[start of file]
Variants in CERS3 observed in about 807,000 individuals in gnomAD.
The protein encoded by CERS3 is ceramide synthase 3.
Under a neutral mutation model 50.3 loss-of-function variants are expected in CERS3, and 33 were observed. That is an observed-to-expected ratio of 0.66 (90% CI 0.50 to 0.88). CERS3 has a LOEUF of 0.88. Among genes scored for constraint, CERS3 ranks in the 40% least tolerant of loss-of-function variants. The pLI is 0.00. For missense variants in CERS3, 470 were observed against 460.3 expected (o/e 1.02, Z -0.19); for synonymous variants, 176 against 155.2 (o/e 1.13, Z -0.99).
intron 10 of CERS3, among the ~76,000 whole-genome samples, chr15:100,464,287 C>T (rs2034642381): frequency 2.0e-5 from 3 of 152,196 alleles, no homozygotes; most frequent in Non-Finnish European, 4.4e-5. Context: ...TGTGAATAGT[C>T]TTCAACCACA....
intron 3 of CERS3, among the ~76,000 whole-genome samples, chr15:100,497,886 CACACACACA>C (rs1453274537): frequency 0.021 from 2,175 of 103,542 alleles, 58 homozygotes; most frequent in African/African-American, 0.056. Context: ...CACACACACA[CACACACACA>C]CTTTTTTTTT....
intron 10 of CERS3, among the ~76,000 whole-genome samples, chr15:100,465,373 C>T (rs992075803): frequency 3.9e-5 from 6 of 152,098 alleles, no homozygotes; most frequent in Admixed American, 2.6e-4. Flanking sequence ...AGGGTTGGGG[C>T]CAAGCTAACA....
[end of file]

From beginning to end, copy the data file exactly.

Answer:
Variants in CERS3 observed in about 807,000 individuals in gnomAD.
The protein encoded by CERS3 is ceramide synthase 3.
Under a neutral mutation model 50.3 loss-of-function variants are expected in CERS3, and 33 were observed. That is an observed-to-expected ratio of 0.66 (90% CI 0.50 to 0.88). CERS3 has a LOEUF of 0.88. Among genes scored for constraint, CERS3 ranks in the 40% least tolerant of loss-of-function variants. The pLI is 0.00. For missense variants in CERS3, 470 were observed against 460.3 expected (o/e 1.02, Z -0.19); for synonymous variants, 176 against 155.2 (o/e 1.13, Z -0.99).
intron 10 of CERS3, among the ~76,000 whole-genome samples, chr15:100,464,287 C>T (rs2034642381): frequency 2.0e-5 from 3 of 152,196 alleles, no homozygotes; most frequent in Non-Finnish European, 4.4e-5. Context: ...TGTGAATAGT[C>T]TTCAACCACA....
intron 3 of CERS3, among the ~76,000 whole-genome samples, chr15:100,497,886 CACACACACA>C (rs1453274537): frequency 0.021 from 2,175 of 103,542 alleles, 58 homozygotes; most frequent in African/African-American, 0.056. Context: ...CACACACACA[CACACACACA>C]CTTTTTTTTT....
intron 10 of CERS3, among the ~76,000 whole-genome samples, chr15:100,465,373 C>T (rs992075803): frequency 3.9e-5 from 6 of 152,098 alleles, no homozygotes; most frequent in Admixed American, 2.6e-4. Flanking sequence ...AGGGTTGGGG[C>T]CAAGCTAACA....